Bridgerton backlash: does the show celebrate toxic relationships?

Hannah Parkinson rounds up the backlash around the portrayal of relationships in Netflix's smash hit Bridgerton.

Hannah Parkinson
2nd March 2021
If you aren’t already one of the 82 million people who have streamed Bridgerton you've either: a. completed your assignments on time. Or b. you live in Jesmond and have made the unfortunate decision to sign up with Virgin Media.

In the Netflix drama, produced by the powerhouse Shondaland, Pride and Prejudice meets Gossip Girl. The show was released on the 25th December follows the life of innocent debutante Daphne (Phoebe Dynevor) as she collides, quite literally, with 1813’s ‘rugby boy’ Simon Bassett (Regé-Jean Page). Who unfortunately also happens to be her eldest brother's best friend. The location: the competitive and exclusive 17th century marriage market. 

However, despite the show’s success viewers took to social media to voice their concerns about Bridgerton’s apparent celebration of toxic relationships. The backlash indicates how the balance between a desire for drama contends with traditional romantic conventions. The show follows this time-honoured tradition of two individuals falling in love and their struggle to make it work. The plot neatly ending with an emotionally satisfying and optimistic ending. Olivia Petter writes in The Independent  the ‘portrayal of relationships is concerning’ in reference to the initial faux romance between the couple, specifically, Simon’s false pretence at love. Indeed, in Episode 5 Simon makes a moving declaration to the Queen in order to allow for an early wedding despite having denounced the possibility of  proposing to Daphne in the previous episode. Ellen Nguyen who writes for Cosmo tweeted ‘Bridgerton is pretty but I wish it wasn’t centred around toxic relationships’ reiterated concerns about emotionally manipulative relationships. For viewers the show offers a platform in which to discuss power relations between characters while still offering a stereotypical ‘happy ending’.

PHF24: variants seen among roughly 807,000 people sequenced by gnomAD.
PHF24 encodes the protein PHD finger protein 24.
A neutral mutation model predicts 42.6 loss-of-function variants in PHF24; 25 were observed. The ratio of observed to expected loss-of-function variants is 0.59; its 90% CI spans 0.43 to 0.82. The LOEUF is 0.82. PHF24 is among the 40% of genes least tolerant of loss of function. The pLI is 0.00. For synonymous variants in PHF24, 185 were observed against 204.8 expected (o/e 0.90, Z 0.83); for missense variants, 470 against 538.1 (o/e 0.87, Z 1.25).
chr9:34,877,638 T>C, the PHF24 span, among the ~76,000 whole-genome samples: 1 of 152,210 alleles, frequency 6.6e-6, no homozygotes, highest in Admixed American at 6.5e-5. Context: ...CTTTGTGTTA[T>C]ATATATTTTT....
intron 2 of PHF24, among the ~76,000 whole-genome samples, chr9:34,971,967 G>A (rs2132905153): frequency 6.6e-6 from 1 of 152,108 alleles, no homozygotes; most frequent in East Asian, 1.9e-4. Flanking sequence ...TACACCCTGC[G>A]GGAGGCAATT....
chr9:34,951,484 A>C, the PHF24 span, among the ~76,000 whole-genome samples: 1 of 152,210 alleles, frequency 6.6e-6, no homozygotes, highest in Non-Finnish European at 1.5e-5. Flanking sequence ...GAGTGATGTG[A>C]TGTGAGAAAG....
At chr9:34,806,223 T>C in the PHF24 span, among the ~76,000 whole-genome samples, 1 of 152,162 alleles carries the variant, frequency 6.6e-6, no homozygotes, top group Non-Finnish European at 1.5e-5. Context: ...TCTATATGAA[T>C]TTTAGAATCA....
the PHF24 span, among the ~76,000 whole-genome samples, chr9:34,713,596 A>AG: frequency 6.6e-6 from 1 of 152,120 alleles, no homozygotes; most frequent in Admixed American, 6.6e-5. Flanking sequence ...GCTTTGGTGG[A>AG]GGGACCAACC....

"Whether or not you agree with this statement, the show explores the toxic masculinity of a push-pull relationship that results in havoc between couples."

It’s not a ‘happy ending’ for all the characters in Season 1. A tumultuous on-off relationship between Daphne’s eldest brother Antony Bridgerton (Jonathon Bailey) and Sienna Rosso (Sabrina Bartlett) ends in tears as the show explores the conflicts that emerge when dating across the class divide. In her article for Vogue, Serena Smith argues their ‘transgressive relationship in Regency society.. was always doomed’. Whether or not you agree with this statement, the show explores the toxic masculinity of a push-pull relationship that results in havoc between couples. By the season finale, Sienna ends the affair as Antony continues his string of false promises to elope. A definite 21st century power move. 

Like Grease’s Danny and Sandy or Normal People’s Connell and Marianne viewers are encapsulated by the conflicts that exist in relationships. Whether you like or dislike the relationships within Bridgeton the show's portrayal opens up discourse surrounding historical and present day affairs, exchanges, and marriage. Our obsession with categorising events into a binary of ‘good’ and ‘bad’ ignores the multifaceted nature of love. Rather the relationships in Bridgerton allow for discussion about love, consent, and truth to be brought to the forefront. Their relevance to the modern cannot be ignored. Actions are there to be challenged and as a viewer it allows us the opportunities to decide what we do and do not want in a relationship. 

Featured image via Pinterest

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